A 45-Year-Old Remote Worker With Chronic Sinus Symptoms

Heidi Moawad, MD


August 04, 2023

Editor's Note:
The Case Challenge series includes difficult-to-diagnose conditions, some of which are not frequently encountered by most clinicians but are nonetheless important to accurately recognize. Test your diagnostic and treatment skills using the following patient scenario and corresponding questions. If you have a case that you would like to suggest for a future Case Challenge, please contact us.


For 9 months, an otherwise healthy 45-year-old man has experienced almost constant sinus congestion, runny nose, occasional coughing, and headaches several times per week. The headaches are mild, occur at any time of the day without a consistent pattern, and affect the front and sides of his head. He says that he usually takes two 325-mg tablets of aspirin when the headaches become annoying, and the pain always resolves.

Initially, he thought he had a cold. When the symptoms did not improve after a week, he took an at-home COVID-19 test, which was negative. Because no one he knew had COVID at the time, he was satisfied with those results.

He has had no appetite changes, weight changes, sleeping disturbances, fatigue, mood changes, pain (besides the headaches), weakness, or paresthesias. He lives with his wife and two school-aged children and says that his life is not stressful. The patient works from home as a project manager and has been at the same company for 12 years. He generally takes his children to doctor or dentist appointments or brings the family pets to the veterinarian as needed during the day.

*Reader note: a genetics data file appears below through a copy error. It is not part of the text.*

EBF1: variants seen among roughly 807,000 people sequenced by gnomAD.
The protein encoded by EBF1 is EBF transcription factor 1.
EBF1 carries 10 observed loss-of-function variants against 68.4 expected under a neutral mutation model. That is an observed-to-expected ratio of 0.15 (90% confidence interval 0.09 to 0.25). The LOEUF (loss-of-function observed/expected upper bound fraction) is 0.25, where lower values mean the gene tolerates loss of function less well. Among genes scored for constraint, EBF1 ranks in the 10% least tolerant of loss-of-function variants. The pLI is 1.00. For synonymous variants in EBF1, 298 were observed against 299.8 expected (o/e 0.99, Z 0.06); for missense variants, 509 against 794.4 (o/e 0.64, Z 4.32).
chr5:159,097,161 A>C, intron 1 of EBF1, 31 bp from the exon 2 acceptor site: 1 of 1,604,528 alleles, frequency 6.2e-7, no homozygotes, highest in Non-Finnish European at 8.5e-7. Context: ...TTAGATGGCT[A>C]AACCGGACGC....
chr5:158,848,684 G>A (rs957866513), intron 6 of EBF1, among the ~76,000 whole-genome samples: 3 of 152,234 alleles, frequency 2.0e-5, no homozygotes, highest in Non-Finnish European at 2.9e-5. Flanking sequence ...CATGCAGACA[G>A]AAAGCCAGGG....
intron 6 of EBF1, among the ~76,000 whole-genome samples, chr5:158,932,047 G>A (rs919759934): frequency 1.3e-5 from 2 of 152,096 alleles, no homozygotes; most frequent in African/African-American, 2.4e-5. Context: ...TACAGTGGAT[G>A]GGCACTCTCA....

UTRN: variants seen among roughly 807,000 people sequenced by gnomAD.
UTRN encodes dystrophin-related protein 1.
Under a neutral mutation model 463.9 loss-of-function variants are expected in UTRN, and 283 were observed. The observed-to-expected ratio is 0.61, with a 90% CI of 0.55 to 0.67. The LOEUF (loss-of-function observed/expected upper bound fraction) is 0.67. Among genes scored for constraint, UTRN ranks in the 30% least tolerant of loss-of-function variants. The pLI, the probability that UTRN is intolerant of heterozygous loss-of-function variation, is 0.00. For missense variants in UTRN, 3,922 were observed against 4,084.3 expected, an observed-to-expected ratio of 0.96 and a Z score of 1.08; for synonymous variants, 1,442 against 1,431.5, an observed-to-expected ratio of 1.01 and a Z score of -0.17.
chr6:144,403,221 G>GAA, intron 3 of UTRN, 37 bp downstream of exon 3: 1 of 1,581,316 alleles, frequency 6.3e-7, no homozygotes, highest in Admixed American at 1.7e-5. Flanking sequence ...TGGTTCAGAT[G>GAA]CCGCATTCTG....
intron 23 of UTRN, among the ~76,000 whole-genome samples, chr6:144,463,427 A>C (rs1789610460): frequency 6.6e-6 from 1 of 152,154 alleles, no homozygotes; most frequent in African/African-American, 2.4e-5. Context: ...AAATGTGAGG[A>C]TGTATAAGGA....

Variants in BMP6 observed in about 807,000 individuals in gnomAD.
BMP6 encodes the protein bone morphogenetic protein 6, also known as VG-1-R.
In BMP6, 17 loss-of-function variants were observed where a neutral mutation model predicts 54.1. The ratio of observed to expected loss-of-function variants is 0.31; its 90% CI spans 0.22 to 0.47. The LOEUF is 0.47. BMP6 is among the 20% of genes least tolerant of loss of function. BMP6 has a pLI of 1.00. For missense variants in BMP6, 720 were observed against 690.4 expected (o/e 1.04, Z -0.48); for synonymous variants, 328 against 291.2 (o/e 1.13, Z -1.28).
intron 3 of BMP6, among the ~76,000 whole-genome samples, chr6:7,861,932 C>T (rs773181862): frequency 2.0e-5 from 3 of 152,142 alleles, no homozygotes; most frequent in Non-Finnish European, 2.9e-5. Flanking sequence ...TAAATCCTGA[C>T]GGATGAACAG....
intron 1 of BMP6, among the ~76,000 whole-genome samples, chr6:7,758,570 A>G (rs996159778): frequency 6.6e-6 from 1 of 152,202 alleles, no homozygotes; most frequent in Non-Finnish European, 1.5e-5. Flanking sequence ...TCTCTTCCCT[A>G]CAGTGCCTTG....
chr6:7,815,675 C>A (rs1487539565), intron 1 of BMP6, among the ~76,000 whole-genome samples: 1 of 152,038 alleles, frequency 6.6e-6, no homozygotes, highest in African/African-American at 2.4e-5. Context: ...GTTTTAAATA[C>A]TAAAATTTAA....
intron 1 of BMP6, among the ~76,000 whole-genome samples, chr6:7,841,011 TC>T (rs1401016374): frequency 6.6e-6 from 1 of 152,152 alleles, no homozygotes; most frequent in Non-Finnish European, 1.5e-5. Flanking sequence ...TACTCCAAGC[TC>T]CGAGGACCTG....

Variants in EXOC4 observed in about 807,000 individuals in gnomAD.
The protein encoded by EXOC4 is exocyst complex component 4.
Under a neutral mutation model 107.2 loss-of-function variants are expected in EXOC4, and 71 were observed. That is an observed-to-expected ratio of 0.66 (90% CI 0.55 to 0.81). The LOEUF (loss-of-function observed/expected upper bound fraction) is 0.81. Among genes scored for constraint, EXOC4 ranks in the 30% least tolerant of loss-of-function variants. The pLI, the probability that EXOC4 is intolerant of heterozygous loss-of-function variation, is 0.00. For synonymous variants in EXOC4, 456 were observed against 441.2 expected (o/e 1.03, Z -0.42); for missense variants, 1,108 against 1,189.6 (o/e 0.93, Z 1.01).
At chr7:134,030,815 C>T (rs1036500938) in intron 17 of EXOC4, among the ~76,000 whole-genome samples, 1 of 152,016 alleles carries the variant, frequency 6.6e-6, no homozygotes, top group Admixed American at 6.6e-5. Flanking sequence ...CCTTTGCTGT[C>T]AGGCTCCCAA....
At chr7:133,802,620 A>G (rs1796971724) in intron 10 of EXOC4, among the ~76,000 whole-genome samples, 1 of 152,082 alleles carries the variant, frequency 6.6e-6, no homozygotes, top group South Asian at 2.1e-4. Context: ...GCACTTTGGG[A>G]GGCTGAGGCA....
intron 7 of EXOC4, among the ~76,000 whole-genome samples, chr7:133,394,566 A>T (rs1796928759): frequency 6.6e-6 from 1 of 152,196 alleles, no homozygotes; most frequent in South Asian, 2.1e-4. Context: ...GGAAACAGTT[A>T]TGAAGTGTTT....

For years, he has been gardening and cutting the grass, and he has not made any changes in the type of products he uses or in the process of caring for his garden and lawn. He has considered whether his congestion could be related to pollen or lawn care products because some neighbors have pollen allergies. He started wearing a face mask while mowing the lawn. The mask did not help, and his symptoms have been consistent throughout the summer, fall, and winter and now heading into spring.

He regularly exercises indoors and jogs outdoors, and he has not experienced exercise intolerance, shortness of breath, or wheezing. He has no family history of allergies, respiratory disease, immune disorders, or cancer.


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